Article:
Although I’m not a fan of America’s use of shale gas, which I’ll get to later, I have to admit that it allayed economic stability. Russia, Iran, and, Venezuela dominated the energy market by a landslide and abused their power with cartels, unfair prices, and threats, and cut off energy supplies to make a point and get their way. Increased market competition eliminated a lot of their political corruption. Putin doesn’t view his actions as corrupt, and I can tell because in his letter he continues to take full credit for everything good that has ever happened to Ukraine.
“In addition, in December 2013, Russia granted Ukraine a loan of 3 billion US dollars. These very significant sums were directed towards maintaining the stability and creditability of the Ukrainian economy and preservation of jobs. No other country provided such support except Russia.”
The pipeline crises in 2006 and 2009, when Russia cut off its energy supply to Ukraine, are perfect examples of how the Moscow Kremlin did its fair share of engendering the country’s instability also. In addition, it highlights Russia’s exploitation of Europe’s dependence on their energy market. Russia’s underlying interests are also worthy of recognition when Putin mentions the Kharkov Agreement:
“However, the fact that after signing that contract, Russia granted Ukraine a whole string of unprecedented privileges and discounts on the price of natural gas is quite another matter. This applies to the discount stemming from the 2010 Kharkov Agreement, which was provided as advance payment for the future lease payments for the presence of the [Russian] Black Sea Fleet after 2017.”
After Syria’s civil war forced Russia out of its naval base in the Syrian port of Tartus last year, it became crucial for Russia to secure their warm water Black Sea ports in Sevastopol, Crimea. Russia is not the only country concerned with military and national security. The depletion of natural gas and energy is not only causing an unstable economy while destroying the environment, it’s also putting national security in danger. Technology and weapons are only a few examples of how national security is dependent upon energy.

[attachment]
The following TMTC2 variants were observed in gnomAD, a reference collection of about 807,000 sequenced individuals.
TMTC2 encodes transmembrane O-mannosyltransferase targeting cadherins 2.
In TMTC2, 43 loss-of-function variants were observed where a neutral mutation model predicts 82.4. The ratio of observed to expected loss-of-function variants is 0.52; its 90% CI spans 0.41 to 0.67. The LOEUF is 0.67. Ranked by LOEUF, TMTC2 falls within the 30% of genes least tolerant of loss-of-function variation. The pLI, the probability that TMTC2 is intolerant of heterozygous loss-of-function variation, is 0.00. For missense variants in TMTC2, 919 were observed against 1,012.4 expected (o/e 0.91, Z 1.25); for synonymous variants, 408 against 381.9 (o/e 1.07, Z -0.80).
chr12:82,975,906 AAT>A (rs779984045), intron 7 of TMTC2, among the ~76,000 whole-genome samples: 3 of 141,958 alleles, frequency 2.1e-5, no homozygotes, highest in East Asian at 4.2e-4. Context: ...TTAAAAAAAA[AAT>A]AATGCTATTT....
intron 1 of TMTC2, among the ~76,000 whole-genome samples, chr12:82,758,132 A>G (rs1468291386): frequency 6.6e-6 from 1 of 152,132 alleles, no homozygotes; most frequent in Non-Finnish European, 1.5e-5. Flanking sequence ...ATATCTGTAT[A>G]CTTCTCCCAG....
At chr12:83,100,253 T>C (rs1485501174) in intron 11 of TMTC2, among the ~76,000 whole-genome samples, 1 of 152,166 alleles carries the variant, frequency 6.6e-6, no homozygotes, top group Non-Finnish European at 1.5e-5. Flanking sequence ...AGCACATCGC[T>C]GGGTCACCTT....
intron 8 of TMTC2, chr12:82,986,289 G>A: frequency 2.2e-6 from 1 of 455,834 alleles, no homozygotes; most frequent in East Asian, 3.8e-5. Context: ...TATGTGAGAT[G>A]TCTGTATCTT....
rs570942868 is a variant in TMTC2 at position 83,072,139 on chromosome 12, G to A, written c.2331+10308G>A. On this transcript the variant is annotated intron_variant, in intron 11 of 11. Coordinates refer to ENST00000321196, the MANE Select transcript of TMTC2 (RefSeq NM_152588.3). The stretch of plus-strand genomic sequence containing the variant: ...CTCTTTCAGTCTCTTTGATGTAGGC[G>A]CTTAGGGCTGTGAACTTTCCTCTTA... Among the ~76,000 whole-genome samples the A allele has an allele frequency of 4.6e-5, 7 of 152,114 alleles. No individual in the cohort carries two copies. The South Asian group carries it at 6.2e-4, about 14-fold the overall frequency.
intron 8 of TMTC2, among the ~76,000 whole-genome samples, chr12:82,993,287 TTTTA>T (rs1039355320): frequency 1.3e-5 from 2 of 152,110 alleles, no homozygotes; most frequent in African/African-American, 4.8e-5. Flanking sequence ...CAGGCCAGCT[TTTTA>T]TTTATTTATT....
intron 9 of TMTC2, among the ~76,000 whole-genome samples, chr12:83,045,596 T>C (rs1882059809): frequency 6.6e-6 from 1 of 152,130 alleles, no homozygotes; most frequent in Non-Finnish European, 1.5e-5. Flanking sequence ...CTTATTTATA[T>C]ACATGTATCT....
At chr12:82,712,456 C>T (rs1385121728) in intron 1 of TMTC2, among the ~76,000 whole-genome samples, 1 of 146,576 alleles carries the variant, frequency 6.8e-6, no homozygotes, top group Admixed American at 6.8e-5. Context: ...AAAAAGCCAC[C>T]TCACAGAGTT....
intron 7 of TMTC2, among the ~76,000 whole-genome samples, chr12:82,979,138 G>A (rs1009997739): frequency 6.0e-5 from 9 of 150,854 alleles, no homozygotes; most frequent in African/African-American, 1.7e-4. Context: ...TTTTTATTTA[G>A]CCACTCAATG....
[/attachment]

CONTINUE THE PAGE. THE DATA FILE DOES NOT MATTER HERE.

The Shale Gas Revolution might have created healthy market competition, but it also created a trade deficit that has crippled the U.S. economy. That’s not why I disagree with the production of shale gas though; it’s because of hydraulic fracturing, or notoriously known as fracking.
Fracking is a process for extracting natural gas from shale layers thousands of feet below ground. Most of the gas is trapped, so drillers have to rip the layers of the earth open with highly pressurized water containing chemicals that reduce friction between water and rock. It has the potential to contaminate groundwater and risks to air quality. (I go into more detail regarding the Ukrainian crisis and fracking in a previous article here.) Whether or not you believe it to be immoral or inimical, the existing energy sources cannot satisfy the world’s future requirements anyway.
The exponential rate of climate change will continue to damage the environment. Erratic storms, diminishing shorelines, and rising sea levels, droughts, heat waves, and widespread wildfires will become more and more common. The bottom line is that the existing energy systems cannot satisfy the world’s future requirements. It needs to be replaced with a renewable alternative system sooner than later, or else an environmental disaster will beat us to it.
BACKGROUND & RESOURCES
Agent provocateur: A person who encourages others to do something illegal so that they can get caught.
Separatist: A member of a group of people who wants to form a new country.
The Kremlin: Literally means “fortress.” It’s a historic fortified complex in Moscow and residence of the President.
Cartel: An agreement between businesses to not compete with each other.
Trade Deficit: When there are more imports than there are exports, so most of the domestic currency’s outflow goes to foreign markets.